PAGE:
How Often Are Potential Patient Safety Events Present on Admission?

Thomson Healthcare, Santa Barbara, California, USA.
Joint Commission journal on quality and patient safety / Joint Commission Resources 04/2008; 34(3):154-63.
Source: PubMed


Data fields that capture whether diagnoses are present on admission (POA)--distinguishing comorbidities from potential in-hospital complications--became part of the Uniform Bill for hospital claims in 2007. The AHRQ Patient Safety Indicators (PSIs) were initially developed as measures of potential patient safety problems that use routine administrative data without POA information. The impact of adding POA information to PSIs was examined.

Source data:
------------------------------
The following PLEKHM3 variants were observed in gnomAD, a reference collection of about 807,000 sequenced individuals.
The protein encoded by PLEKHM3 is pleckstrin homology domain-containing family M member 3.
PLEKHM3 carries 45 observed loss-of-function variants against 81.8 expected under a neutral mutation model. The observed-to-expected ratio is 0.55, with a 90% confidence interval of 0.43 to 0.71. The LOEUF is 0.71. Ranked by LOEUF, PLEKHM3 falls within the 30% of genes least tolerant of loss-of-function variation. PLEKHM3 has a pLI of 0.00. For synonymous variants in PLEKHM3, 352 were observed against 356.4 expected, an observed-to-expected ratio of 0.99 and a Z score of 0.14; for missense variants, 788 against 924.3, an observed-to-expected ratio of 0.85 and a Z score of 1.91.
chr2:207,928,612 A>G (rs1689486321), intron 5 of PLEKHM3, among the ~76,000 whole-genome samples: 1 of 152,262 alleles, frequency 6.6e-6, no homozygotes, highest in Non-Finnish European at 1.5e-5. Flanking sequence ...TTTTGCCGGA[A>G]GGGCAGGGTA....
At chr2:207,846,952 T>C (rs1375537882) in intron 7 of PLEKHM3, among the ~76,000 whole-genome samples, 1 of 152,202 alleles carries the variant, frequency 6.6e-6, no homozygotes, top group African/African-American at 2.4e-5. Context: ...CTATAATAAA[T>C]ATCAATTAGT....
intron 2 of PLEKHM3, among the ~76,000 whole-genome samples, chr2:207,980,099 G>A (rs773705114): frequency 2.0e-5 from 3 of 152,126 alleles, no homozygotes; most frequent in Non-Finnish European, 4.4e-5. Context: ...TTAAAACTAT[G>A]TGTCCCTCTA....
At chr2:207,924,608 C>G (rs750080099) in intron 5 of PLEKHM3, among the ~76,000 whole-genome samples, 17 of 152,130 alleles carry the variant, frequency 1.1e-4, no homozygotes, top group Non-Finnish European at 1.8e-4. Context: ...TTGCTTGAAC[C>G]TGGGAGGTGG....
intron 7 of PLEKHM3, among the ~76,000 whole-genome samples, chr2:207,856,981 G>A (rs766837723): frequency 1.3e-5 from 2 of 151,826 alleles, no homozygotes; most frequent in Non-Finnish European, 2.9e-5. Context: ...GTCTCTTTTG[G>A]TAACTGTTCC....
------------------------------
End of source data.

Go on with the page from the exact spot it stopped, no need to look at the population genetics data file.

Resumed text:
Data were used from California (CA) and New York (NY) Healthcare Cost and Utilization Project (HCUP) state inpatient databases for 2003, which include POA codes. Analysis was limited to 13 of 20 PSIs for which POA information was relevant, such as complications of anesthesia, accidental puncture, and sepsis.
In New York, 17% of cases revealed suspect POA coding, compared with 1%-2% in California. After suspect records were excluded, 92%-93% of secondary diagnoses in both CA and NY were POA. After incorporating POA information, most cases of decubitus ulcer (86%-89%), postoperative hip fracture (74%-79%), and postoperative pulmonary embolism/deep vein thrombosis (54%-58%) were no longer considered in-hospital patient safety events.
Three of 13 PSIs appear not to be valid measures of in-hospital patient safety events, but the remaining 10 appear to be potentially useful measures even in the absence of POA codes.

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